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CIO interview: Elisabeth Stjernstoft, Apoteket

When the Swedish government introduced competition to the pharmaceuticals sector in 2009, the former monopoly faced a major IT transformation

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When the Swedish government monopoly on pharmaceuticals retailing was lifted on 1 July 2009, the government-owned pharmaceuticals retailing company Apoteket suddenly faced new competition.

The politicians then decided that Apoteket had to rip out and replace its IT systems to create a level playing field.

“We had a pharmaceuticals retailing system we had built ourselves, and the politicians said it gave us too much of a competitive advantage,” said Elisabeth Stjernstoft, CIO at Apoteket. “They gave us two years to complete the changeover, and in the meantime our competitors were allowed to use our IT systems while they built their own.”

Stjernstoft took over as CIO at the beginning of 2011, in the middle of the big IT shift. “My predecessor started the process, and I finished it,” she said. “The deadline was the end of 2011, and we made it on time after an absurdly fast-paced changeover.”

Stjernstoft had earlier worked as an IT consultant at Accenture, helping companies such as Swedish postal service PostNord Sverige and telephone company and mobile network operator TeliaSonera with major IT systems migrations. 

“This is why I was recruited,” she said. “But I had never taken part in a changeover this fast. A normal roadmap for this kind of generation shift is five to eight years. It was a very painful journey, with lots of blood, sweat and tears, but Apoteket made it with panache.”

When faced with building a new IT platform from scratch, Apoteket chose not to go for an all-in-one solution. “Instead, we chose what I call a best-of-breed solution,” said Stjernstoft. “We have a standard ERP system from Oracle as a foundation, and then we have built our own solution in the area where we can make a difference – prescription execution. This means we get a competitive advantage and are able to move fast.”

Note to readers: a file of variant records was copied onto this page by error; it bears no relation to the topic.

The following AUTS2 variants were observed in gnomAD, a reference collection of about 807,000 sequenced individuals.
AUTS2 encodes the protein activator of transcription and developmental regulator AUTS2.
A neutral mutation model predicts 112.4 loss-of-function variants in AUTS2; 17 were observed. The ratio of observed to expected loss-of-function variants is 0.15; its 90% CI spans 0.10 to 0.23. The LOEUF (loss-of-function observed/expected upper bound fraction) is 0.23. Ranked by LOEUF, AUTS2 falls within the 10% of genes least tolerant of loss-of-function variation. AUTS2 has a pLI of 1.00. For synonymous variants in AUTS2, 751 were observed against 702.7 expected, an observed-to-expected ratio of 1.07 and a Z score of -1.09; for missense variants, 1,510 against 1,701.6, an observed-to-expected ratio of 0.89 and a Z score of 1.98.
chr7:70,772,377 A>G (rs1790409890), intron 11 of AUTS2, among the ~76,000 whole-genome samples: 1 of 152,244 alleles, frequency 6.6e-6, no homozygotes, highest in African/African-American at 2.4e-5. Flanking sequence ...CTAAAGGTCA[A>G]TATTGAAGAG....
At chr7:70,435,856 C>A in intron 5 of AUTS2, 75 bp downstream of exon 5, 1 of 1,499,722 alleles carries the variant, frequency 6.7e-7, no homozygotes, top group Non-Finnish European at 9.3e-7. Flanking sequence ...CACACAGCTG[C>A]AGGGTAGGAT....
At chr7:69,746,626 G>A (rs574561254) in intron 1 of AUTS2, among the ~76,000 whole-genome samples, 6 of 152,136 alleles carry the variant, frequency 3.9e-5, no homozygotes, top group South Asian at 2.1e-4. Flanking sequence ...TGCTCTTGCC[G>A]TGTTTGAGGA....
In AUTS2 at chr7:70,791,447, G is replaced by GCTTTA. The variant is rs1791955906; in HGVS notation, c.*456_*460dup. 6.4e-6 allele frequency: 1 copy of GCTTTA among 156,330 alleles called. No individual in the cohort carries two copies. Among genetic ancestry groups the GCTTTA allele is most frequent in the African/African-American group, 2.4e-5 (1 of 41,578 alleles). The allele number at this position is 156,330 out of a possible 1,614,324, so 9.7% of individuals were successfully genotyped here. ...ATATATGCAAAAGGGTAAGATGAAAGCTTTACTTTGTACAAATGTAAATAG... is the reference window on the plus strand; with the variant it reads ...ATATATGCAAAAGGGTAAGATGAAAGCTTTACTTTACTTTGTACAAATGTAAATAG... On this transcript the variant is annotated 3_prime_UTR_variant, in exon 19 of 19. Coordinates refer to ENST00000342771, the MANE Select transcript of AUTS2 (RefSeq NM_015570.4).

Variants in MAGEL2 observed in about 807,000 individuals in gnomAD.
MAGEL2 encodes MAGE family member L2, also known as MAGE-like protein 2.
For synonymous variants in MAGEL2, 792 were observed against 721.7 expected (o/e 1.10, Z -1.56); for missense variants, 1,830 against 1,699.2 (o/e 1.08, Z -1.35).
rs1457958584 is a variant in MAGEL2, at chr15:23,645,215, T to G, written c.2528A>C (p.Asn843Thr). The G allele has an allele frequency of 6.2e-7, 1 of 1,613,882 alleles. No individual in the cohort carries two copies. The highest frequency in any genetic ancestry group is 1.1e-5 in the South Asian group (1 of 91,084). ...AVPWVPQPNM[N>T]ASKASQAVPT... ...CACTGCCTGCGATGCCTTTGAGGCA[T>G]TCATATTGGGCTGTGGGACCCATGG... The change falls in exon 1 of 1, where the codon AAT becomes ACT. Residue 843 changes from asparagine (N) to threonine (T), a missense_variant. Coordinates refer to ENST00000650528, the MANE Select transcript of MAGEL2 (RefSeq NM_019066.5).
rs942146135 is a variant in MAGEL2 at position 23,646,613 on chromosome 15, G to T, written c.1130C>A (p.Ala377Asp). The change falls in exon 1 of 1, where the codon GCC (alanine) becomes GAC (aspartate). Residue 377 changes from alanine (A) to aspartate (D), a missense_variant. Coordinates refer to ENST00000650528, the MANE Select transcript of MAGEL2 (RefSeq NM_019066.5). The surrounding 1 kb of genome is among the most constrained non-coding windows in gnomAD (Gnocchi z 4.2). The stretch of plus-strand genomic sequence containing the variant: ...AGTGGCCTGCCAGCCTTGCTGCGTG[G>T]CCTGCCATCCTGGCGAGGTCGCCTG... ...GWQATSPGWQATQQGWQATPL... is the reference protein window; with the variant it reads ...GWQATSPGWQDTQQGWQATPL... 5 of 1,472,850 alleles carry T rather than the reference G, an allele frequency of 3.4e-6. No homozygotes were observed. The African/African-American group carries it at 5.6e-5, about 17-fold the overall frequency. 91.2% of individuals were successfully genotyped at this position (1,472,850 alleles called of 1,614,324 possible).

The prescription execution system is built in .Net, and Apoteket also uses Microsoft environments for online and intranet. “Back in 2009, Microsoft’s ERP system could not handle our needs, but Microsoft has moved forward now,” she said. “Oracle was a good choice at the time.”

One thing is certain, said Stjernstoft – she would never go for an all-in-one solution again. “That means you are stuck with a single supplier, and that is never good. You should not have too many supplies either, but always two or three in each major area, so there is some competition.”

An important lesson for Stjernstoft was that during such a big changeover, it is paramount that IT and the business collaborate. “Another important lesson is how important it is for the top management to really back the project,” she said. “And a third lesson is that you should not drive too many changes in parallel, because the organisation gets burned out.”